The world of belief-systems and worldviews is a complicated playground of stories, storytellers, and allegiances. What makes it most complicated is perhaps what is often our inability to perceive these interacting powers in the first place. That which permeates our surroundings, subconsciously molds our understanding, and continuously informs our vision of reality is not always easy to articulate. The dominate culture shapes our world in ways we seldom even realize, and often cannot realize, until something outside of our culture comes along and introduces us, and the scales fall from our eyes.
Further complicating the great arena of narratives is the fact that we often do not even recognize certain systems for the metanarratives that they are, or else we grossly underestimate the story’s power. Whatever versions of the story we utilize to understand human history—atheism, capitalism, pluralism, consumerism—their roots run very deep in the human soul. This is why Bishop Kenneth Carder can refer to the global market economy as a “dominant god,” consumerism, economism, and nationalism as religions.(1) These deeply rooted ideologies are challenged only when a different ideology comes knocking, when a different faith-system comes along and upsets the system in which we have placed our faith and ordered our worlds.
This is perhaps one reason the Bible calls again and again for the action of remembering: Remember the story, tell of the acts of God in history, remember that there is one who has come near. For into this world of belief-systems and worldviews, God repeatedly tells the story of creation and the pursuit of its redemption and re-creation. God himself comes and proclaims in a body a kingdom both among us and entirely other. The narrative we discover introduces us not only to a new world, but a kingdom that jarringly shows us our own world and a savior who shows us what it means to be human.
The signs and scenes of Jesus in the gospel accounts challenge many of the cultural norms we have grown accustomed to unthinkingly, turning upside down ideas of authority, power, and glory, presenting us a kingdom that reverses everything known. What kind of a king crouches down to his subjects to wash their feet? What kind of a leader tells those under him that the way to the top requires a dedication to the bottom? What kind of meal promises to lift us to another kingdom where we are ushered into the presence of the host? What kind of host claims he is the meal? “And he took bread, gave thanks and broke it, and gave it to them, saying, ‘This is my body given for you; do this in remembrance of me.’”(2) This action of remembering the presence of God among us is far from a mental exercise for an ethereal world. It is a formidable protest against forgetting that grounds the one remembering in a communion with true grit.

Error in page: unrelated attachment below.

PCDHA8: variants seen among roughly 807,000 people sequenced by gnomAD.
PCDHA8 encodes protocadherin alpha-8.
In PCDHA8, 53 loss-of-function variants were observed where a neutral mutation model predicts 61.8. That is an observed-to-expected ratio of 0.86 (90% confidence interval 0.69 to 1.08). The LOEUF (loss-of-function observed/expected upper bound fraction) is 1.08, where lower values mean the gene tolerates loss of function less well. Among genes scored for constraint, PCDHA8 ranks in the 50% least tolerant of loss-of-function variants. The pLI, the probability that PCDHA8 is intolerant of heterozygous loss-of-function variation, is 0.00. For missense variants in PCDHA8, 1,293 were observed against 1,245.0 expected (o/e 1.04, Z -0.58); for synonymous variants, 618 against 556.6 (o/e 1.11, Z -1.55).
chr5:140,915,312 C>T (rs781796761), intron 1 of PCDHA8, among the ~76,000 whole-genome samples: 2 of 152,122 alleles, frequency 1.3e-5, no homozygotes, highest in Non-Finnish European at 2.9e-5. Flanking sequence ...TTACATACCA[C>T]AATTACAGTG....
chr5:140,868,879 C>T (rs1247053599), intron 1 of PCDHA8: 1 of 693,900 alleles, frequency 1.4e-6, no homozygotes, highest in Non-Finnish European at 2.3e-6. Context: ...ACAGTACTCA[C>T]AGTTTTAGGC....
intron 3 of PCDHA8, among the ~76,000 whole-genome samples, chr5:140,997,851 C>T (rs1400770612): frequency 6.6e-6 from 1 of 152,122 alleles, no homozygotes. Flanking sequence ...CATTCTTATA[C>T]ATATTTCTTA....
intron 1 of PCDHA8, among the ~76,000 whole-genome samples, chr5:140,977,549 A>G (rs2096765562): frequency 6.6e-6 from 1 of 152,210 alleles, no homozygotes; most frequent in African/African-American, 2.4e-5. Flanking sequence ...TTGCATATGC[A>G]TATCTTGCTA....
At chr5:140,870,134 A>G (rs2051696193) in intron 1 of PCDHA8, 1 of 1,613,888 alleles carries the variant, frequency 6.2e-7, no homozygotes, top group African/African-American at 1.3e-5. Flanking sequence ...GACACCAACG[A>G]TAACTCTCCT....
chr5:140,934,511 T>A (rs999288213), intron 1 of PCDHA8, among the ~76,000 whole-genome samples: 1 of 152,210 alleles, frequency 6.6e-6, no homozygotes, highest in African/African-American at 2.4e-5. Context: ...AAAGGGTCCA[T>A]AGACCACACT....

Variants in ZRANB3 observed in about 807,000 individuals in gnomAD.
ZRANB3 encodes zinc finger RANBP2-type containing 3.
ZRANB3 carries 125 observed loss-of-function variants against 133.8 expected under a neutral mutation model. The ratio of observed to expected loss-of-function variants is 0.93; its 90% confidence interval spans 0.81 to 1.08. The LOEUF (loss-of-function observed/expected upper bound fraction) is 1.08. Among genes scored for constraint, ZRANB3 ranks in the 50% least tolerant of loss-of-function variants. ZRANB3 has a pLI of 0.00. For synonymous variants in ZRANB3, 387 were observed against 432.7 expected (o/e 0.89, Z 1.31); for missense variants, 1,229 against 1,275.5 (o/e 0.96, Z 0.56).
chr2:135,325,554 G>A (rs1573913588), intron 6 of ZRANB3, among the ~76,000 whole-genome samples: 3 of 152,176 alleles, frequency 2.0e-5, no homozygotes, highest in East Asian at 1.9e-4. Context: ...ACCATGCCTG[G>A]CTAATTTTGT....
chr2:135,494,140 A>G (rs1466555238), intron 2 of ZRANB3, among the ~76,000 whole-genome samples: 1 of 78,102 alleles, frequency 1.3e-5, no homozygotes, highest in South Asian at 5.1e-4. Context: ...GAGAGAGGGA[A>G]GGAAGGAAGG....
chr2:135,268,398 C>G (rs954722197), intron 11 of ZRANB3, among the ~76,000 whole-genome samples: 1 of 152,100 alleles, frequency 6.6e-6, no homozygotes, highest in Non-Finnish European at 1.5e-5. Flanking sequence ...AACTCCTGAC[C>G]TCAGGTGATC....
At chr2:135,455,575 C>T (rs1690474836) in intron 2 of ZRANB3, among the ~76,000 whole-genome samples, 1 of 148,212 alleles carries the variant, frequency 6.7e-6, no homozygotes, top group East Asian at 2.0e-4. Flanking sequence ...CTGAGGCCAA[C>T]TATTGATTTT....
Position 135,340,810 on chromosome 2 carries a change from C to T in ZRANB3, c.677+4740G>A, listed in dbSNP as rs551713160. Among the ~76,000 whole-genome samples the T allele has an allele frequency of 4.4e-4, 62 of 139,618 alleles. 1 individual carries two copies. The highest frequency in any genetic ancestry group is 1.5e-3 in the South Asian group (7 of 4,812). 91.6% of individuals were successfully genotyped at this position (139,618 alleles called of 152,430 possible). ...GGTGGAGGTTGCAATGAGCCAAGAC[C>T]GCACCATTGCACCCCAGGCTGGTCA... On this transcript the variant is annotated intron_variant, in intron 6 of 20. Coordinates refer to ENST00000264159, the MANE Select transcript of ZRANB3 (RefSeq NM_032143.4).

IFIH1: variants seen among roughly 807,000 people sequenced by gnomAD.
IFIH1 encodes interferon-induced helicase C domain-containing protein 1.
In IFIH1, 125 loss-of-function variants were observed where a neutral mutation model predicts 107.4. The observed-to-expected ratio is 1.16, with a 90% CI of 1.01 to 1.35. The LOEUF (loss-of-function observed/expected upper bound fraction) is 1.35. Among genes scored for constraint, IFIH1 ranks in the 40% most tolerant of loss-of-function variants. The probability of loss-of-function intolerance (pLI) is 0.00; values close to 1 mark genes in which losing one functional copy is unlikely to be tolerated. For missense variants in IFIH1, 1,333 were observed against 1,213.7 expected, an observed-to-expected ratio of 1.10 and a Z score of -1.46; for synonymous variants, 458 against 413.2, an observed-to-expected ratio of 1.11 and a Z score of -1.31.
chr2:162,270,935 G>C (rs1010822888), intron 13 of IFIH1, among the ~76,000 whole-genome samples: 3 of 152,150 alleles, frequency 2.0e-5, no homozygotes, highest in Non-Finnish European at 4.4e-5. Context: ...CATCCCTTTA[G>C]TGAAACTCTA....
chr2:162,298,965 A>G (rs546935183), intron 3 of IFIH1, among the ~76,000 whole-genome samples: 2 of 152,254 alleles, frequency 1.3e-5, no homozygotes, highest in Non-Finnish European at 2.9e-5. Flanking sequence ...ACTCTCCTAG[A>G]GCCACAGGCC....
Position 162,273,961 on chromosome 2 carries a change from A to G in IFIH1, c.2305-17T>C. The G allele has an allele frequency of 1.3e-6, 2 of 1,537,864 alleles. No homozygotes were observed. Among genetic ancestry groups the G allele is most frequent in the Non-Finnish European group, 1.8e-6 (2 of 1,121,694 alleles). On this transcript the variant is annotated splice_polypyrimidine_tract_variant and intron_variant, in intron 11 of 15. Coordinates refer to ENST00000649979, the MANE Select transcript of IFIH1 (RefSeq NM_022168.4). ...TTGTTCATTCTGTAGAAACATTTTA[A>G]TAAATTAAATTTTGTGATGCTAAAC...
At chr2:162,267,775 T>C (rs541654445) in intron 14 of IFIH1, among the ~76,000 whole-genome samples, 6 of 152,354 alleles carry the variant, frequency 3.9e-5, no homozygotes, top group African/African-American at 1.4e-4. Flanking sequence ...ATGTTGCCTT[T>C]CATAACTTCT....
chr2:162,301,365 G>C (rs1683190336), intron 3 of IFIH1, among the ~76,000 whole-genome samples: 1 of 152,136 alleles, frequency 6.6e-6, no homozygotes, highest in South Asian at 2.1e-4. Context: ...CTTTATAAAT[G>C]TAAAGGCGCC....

The gospels bid us to confront these last, earthy moments of a rabbi and his disciples—a meal shared, a lamb revealed, feet washed by one who is both king and servant. But so they also bid us to join another story, inviting us into a kingdom entirely different than the one before us, connecting us with the God who reigns within a realm that is both here and now, and also approaching. Remembering something such as this can never be passive. In the Lord’s Supper, we are literally “taking in” this story, a meal that unites us with Christ in such a way that feeds us to live as he lived.
When the apostle Paul called early followers not to be conformed to this world but to be transformed by the renewing of their minds so that they might discern what is the will of God, what is good and acceptable and perfect, he was reminding them that there are overlapping and contradicting stories all around them, but that the story of God is an orienting narrative. In other words, we are not left the option of living unaware of all the subconscious ways in which we are formed by the world. Living into the kingdom of God means recognizing the power of God’s story beside every competing narrative. We destabilize these foundational stories by living into God’s reality in Christ by the power of the Spirit. Likewise, as we live further into the story of God’s nearness, with our very lives the world sees the subversive power of a narrative that moves far beyond the systems of “consumerism,” or “nationalism” or “pluralism.”
We cannot escape the world’s formative stories nor should we want to escape the particular place where we have been given the gift of time.(3) But the story of Christ’s last days on earth presents a narrative that upsets any convenient embracing of lesser kingdoms and invites us to remember something more concrete. The more we find ourselves drawn into this different kingdom, a world breathed by the Father, proclaimed by Christ, and revealed by the Spirit, the unchallenged, unseen storylines of the world come further into focus. The more we taste and see of the kingdom of God, the more we taste and see the goodness of God on earth as it is in heaven. Like Paul, at times something like scales fall from our eyes and the Spirit compels us to stand up and see anew. We are given strength to move further into the unlikely reign of a suffering servant, where we are mysteriously given strength in his wounds, communion with the maker of heaven and earth, and a story to tell.
Jill Carattini is managing editor of A Slice of Infinity at Ravi Zacharias International Ministries in Atlanta, Georgia.
(1) Kenneth Carder, “Market and Mission: Competing Visions for Transforming Ministry,” Lecture, Duke Divinity School, Oct. 16, 2001, 1.
(2) Cf. Luke 22:19.
(3) Jesus himself prayed, “My prayer is not that you take them out of the world, but I ask that you protect them from the evil one” (John 17:15).